2018 Books

Ethics, Conflict and Medical Treatment for Children: From disagreement to dissensus

Wilkinson, D. and Savulescu, J., (2018), 'Ethics, Conflict and Medical Treatment for Children', (Elsevier)

What should happen when doctors and parents disagree about what would be best for a child? When should courts become involved? Should life support be stopped against parents’ wishes?

The case of Charlie Gard, reached global attention in 2017. It led to widespread debate about the ethics of disagreements between doctors and parents, about the place of the law in such disputes, and about the variation in approach between different parts of the world.

In this book, medical ethicists Dominic Wilkinson and Julian Savulescu critically examine the ethical questions at the heart of disputes about medical treatment for children. They use the Gard case as a springboard to a wider discussion about the rights of parents, the harms of treatment, and the vital issue of limited resources. They discuss other prominent UK and international cases of disagreement and conflict.

From opposite sides of the debate Wilkinson and Savulescu provocatively outline the strongest arguments in favour of and against treatment. They analyse some of the distinctive and challenging features of treatment disputes in the 21st century and argue that disagreement about controversial ethical questions is both inevitable and desirable. They outline a series of lessons from the Gard case and propose a radical new ‘dissensus’ framework for future cases of disagreement.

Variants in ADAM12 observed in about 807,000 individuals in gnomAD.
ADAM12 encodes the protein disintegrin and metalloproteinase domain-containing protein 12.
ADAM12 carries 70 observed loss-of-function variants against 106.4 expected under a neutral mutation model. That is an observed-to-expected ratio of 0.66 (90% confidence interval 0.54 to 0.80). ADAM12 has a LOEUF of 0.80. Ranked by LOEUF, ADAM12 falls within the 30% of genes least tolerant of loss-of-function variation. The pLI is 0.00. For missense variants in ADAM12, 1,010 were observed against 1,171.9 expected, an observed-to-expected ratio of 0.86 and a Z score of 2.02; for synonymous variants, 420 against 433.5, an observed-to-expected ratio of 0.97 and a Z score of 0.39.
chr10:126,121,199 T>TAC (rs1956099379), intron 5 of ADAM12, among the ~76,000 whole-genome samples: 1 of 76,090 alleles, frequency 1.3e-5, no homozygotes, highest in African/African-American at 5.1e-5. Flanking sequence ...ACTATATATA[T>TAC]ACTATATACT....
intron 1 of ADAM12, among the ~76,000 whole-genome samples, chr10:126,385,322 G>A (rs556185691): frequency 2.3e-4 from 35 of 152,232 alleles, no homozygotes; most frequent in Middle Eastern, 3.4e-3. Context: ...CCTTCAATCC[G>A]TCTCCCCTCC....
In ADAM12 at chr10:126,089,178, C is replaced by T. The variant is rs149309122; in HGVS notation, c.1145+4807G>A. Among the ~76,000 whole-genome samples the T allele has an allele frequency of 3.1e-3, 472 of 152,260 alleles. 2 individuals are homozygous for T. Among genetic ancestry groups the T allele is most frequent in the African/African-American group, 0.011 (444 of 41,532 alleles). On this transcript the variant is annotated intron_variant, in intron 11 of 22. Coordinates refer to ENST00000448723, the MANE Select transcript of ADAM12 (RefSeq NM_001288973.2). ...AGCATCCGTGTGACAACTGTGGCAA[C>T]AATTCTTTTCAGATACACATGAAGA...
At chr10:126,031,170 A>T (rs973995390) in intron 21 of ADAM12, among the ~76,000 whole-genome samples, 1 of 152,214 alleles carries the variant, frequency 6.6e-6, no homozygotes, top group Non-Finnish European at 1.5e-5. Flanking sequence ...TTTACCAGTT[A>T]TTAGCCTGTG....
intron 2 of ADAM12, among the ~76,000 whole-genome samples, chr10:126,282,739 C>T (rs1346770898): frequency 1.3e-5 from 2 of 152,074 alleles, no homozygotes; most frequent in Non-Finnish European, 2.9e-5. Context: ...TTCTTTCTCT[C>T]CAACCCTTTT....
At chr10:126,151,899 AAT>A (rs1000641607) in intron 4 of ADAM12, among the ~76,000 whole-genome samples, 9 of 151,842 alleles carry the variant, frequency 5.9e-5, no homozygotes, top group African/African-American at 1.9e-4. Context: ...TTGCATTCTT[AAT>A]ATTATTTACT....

Key Features

  • This new book critically examines the core ethical questions at the heart of disputes about medical treatment for children.
  • The contents review prominent cases of disagreement from the UK and internationally and analyse some of the distinctive and challenging features around treatment disputes in the 21st century.
  • The book proposes a radical new framework for future cases of disagreement around the care of gravely ill people.

Consciousness and Moral Status

Shepherd, J., (2018), 'Consciousness and Moral Status', (Routledge)

It seems obvious that phenomenally conscious experience is something of great value, and that this value maps onto a range of important ethical issues. For example, claims about the value of life for those in Permanent Vegetative State (PVS); debates about treatment and study of disorders of consciousness; controversies about end-of-life care for those with advanced dementia; and arguments about the moral status of embryos, fetuses, and non-human animals arguably turn on the moral significance of various facts about consciousness. However, though work has been done on the moral significance of elements of consciousness, such as pain and pleasure, little explicit attention has been devoted to the ethical significance of consciousness.

In this book Joshua Shepherd presents a systematic account of the value present within conscious experience. This account emphasizes not only the nature of consciousness, but also the importance of items within experience such as affect, valence, and the complex overall shape of particular valuable experiences. Shepherd also relates this account to difficult cases involving non-humans and humans with disorders of consciousness, arguing that the value of consciousness influences and partially explains the degree of moral status a being possesses, without fully determining it. The upshot is a deeper understanding of both the moral importance of phenomenal consciousness and its relations to moral status.

This book will be of great interest to philosophers and students of ethics, bioethics, philosophy of psychology, philosophy of mind, and cognitive science.

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